15 Unique Issues with Recurrent Gliomas


15 Unique Issues with Recurrent Gliomas

15.1 Introduction

This is a relatively short chapter, as there is nothing specific to the anatomy of recurrent gliomas which make the functional anatomy different than first-time surgery. But they are harder, without a doubt, and these challenges and some advice for tackling them are provided as are some examples.

15.2 Issues Unique to Recurrent Gliomas

  1. Wound issues are a much bigger deal: This is especially true with a history of Avastin, but previous radiotherapy can also make this worse, and a poorly healing glioma wound can spell more of a disaster than the tumor was.

  2. There was a previous surgeon: If it was someone else, they may have placed an incision in a way I would never want to be forced to reuse. If it was me, there is a good chance the tumor recurred on the margin of the resection cavity, which in my case was probably eloquent (I usually leave it for a reason).

  3. The arteries may have been radiated: Radiated arteries are more prone to injury, even if you are careful.

  4. The anatomy is abnormal: If the previous resection was aggressive, and involved a complete or partial lobectomy, the remaining normal anatomy probably has shifted into the cavity. For example, I expect to find the IFOF and possibly the MCA near the floor of the middle fossa if I have done an aggressive lobectomy (Fig. 15.1).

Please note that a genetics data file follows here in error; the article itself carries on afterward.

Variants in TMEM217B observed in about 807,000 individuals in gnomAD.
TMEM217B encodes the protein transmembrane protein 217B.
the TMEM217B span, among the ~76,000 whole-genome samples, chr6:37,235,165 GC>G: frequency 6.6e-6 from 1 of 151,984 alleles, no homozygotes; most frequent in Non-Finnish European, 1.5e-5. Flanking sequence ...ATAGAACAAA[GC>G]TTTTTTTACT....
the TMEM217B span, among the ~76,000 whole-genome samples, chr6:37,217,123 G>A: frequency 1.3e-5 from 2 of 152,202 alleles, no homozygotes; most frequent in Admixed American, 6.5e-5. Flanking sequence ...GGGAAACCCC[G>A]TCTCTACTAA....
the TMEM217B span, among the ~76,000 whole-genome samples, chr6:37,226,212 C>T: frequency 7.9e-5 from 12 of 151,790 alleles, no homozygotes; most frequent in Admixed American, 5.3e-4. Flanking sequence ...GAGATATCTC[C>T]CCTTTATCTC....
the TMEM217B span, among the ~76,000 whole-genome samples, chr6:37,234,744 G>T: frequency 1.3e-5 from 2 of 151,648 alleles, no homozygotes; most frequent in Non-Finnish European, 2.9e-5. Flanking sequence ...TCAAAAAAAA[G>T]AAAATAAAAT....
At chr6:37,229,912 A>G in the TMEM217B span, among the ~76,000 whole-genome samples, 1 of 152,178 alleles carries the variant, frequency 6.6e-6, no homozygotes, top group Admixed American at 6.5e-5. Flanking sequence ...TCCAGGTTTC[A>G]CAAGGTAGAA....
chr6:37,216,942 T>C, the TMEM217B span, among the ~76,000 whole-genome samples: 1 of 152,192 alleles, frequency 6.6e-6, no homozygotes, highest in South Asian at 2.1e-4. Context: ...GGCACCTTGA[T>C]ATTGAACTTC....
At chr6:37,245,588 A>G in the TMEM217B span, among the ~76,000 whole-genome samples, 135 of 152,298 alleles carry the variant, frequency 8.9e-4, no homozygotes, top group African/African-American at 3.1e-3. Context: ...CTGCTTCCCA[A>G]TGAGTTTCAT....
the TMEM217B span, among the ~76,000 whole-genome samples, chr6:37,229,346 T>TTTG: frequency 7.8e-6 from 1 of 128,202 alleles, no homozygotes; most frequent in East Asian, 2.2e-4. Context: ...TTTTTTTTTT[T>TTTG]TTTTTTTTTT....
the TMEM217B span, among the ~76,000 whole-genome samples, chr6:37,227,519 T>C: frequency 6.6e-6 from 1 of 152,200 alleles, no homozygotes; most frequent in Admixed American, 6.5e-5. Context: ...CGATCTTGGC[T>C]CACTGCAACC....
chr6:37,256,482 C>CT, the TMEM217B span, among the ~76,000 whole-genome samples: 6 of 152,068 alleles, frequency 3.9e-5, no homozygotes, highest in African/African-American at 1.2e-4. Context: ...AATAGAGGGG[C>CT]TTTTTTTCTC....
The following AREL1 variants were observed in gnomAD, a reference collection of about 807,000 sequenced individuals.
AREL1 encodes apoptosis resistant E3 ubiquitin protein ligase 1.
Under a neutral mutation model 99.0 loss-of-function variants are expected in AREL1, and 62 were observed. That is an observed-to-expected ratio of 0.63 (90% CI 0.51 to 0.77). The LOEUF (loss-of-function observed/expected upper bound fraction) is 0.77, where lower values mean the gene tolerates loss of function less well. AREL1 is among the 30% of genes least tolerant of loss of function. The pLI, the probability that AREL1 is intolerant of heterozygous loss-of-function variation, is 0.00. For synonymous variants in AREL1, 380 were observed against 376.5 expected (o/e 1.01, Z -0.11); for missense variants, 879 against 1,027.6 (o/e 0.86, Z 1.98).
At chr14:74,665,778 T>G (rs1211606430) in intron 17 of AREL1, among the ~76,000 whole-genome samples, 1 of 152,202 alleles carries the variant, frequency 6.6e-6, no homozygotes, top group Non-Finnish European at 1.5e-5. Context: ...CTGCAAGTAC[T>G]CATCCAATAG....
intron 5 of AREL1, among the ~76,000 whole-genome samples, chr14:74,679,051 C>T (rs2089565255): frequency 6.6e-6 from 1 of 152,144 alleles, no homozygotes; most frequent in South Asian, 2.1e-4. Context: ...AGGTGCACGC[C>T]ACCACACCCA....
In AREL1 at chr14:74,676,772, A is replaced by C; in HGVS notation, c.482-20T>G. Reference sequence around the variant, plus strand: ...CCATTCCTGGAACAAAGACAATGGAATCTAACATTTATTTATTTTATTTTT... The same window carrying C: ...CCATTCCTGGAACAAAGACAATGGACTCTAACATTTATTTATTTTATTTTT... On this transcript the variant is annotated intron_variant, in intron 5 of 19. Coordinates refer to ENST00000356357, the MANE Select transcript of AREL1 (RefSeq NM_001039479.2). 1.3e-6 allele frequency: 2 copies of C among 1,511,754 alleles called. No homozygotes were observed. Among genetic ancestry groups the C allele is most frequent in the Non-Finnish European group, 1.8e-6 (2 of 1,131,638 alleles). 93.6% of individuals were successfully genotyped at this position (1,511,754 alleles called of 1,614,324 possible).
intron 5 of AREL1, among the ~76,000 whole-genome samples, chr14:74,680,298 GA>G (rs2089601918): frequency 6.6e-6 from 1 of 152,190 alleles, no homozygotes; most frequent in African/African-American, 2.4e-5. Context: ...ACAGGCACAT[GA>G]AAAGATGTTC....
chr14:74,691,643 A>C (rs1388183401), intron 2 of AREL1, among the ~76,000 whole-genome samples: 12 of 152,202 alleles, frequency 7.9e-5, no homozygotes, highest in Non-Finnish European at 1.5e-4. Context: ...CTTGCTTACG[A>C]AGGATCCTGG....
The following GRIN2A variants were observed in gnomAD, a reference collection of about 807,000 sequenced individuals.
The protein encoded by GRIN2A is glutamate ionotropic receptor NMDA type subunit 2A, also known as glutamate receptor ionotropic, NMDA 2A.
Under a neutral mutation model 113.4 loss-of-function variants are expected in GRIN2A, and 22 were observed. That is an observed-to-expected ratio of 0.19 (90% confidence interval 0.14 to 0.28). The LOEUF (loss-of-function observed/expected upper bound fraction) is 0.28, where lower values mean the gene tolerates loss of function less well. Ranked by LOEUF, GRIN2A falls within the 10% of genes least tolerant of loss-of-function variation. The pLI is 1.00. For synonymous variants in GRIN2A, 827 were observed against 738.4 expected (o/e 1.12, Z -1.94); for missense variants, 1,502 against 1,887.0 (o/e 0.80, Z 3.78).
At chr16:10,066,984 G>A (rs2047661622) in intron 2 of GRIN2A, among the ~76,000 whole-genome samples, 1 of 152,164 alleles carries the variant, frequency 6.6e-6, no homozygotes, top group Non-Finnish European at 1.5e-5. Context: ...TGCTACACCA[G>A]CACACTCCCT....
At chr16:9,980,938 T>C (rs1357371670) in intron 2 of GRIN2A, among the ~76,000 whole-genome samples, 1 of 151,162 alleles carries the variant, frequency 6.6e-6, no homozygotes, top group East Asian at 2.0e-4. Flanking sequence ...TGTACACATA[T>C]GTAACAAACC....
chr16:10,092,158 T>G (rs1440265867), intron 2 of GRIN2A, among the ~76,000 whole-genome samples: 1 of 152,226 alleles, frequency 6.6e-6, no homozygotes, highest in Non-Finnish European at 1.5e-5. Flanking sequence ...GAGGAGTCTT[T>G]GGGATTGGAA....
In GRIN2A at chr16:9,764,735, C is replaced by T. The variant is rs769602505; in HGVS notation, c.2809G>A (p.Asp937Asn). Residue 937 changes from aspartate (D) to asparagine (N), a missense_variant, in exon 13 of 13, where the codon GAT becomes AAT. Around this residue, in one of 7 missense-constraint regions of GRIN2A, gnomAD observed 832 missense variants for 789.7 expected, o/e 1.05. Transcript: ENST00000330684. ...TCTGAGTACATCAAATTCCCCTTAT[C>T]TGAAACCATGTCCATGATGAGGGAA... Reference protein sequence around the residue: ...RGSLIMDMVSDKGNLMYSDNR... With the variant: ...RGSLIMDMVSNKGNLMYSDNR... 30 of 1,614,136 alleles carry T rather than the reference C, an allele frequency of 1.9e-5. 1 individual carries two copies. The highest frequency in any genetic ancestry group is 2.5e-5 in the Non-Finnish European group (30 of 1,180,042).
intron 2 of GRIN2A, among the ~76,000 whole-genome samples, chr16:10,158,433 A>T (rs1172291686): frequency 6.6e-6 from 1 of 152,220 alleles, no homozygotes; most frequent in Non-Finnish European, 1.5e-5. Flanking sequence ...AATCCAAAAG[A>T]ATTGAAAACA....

5. The dura is stuck to the brain: Even if you are careful, you can injure eloquent cortices opening the dura and lose the chance to map before the case has even got started. Less obviously, if the brain is stuck to the dura, every move may transmit force to the dura and cause pain making the patient less cooperative. If I did the past surgery, it is likely that the leading edge next to the cavity was eloquent.

  6. The patients are often less functional: They are often less able to map due to tumor recurrence and the long term effects of radiotherapy.

  7. It is often less clear what to take out: At the first surgery, anything enhancing is probably tumor as is more of the T2 hyperintense brain. All bets are off at a repeat surgery: enhancement can be radiation necrosis or pseudoprogression and T2 change could be tumor or radiation effect, or encephalomalacia. Often it is less certain that we should be operating, let alone doing something aggressive (Fig. 15.2).

  8. The mandate is less clear: The data are more variable for repeat surgery, especially for GBM.